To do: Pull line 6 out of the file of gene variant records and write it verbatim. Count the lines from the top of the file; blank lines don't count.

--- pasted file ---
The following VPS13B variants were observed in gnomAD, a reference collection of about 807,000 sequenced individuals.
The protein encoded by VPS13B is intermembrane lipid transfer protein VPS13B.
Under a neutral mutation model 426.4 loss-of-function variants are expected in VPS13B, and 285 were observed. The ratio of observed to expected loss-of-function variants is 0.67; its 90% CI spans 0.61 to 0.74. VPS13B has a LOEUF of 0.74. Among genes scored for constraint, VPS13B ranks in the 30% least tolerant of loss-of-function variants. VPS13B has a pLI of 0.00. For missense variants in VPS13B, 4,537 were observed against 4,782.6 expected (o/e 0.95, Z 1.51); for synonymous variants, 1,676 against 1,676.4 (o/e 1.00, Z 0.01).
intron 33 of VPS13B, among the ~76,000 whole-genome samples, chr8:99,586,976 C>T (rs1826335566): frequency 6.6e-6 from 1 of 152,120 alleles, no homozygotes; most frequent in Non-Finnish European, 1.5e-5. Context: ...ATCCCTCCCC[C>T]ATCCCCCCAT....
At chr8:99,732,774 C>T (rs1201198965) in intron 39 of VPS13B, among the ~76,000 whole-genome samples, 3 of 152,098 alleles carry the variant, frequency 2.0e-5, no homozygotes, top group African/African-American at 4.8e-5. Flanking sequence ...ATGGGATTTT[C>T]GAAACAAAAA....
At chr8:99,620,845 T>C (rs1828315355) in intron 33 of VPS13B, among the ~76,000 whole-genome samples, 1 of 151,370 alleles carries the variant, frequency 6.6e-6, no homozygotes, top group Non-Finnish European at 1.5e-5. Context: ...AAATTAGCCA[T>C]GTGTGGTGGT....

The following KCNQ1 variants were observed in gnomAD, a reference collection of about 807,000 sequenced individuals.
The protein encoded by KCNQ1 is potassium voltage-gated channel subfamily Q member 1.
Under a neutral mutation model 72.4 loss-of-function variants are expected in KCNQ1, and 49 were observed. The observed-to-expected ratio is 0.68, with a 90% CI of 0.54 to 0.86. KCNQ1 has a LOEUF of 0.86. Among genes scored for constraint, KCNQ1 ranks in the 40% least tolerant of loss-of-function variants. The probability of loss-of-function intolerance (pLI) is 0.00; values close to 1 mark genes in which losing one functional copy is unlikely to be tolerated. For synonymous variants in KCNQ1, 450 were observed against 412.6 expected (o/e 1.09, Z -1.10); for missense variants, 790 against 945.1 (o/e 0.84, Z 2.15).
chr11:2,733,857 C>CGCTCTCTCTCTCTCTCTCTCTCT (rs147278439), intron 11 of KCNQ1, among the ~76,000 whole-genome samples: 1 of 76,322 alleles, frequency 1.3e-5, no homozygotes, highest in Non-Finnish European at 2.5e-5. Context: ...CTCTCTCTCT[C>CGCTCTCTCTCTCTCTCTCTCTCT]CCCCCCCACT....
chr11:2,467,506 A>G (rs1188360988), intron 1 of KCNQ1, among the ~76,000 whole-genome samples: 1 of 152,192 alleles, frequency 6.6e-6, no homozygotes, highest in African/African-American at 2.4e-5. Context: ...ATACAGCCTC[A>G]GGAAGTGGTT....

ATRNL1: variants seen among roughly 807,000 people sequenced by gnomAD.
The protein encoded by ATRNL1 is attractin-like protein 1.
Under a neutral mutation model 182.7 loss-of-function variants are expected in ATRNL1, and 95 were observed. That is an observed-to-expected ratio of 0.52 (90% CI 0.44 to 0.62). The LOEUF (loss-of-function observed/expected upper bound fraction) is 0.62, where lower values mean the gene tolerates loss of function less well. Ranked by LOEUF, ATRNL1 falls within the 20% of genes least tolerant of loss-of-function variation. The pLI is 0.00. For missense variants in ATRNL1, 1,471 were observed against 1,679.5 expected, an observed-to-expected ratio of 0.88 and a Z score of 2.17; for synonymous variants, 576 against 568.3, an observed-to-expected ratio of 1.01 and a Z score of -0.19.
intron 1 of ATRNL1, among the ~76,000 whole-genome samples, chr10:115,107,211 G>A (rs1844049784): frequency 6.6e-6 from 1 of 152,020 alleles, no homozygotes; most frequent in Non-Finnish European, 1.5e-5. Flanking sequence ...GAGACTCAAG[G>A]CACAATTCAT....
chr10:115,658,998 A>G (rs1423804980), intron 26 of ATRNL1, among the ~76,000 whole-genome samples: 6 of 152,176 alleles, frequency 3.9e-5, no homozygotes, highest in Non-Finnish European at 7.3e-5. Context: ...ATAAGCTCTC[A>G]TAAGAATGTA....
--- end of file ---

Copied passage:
At chr8:99,620,845 T>C (rs1828315355) in intron 33 of VPS13B, among the ~76,000 whole-genome samples, 1 of 151,370 alleles carries the variant, frequency 6.6e-6, no homozygotes, top group Non-Finnish European at 1.5e-5. Context: ...AAATTAGCCA[T>C]GTGTGGTGGT....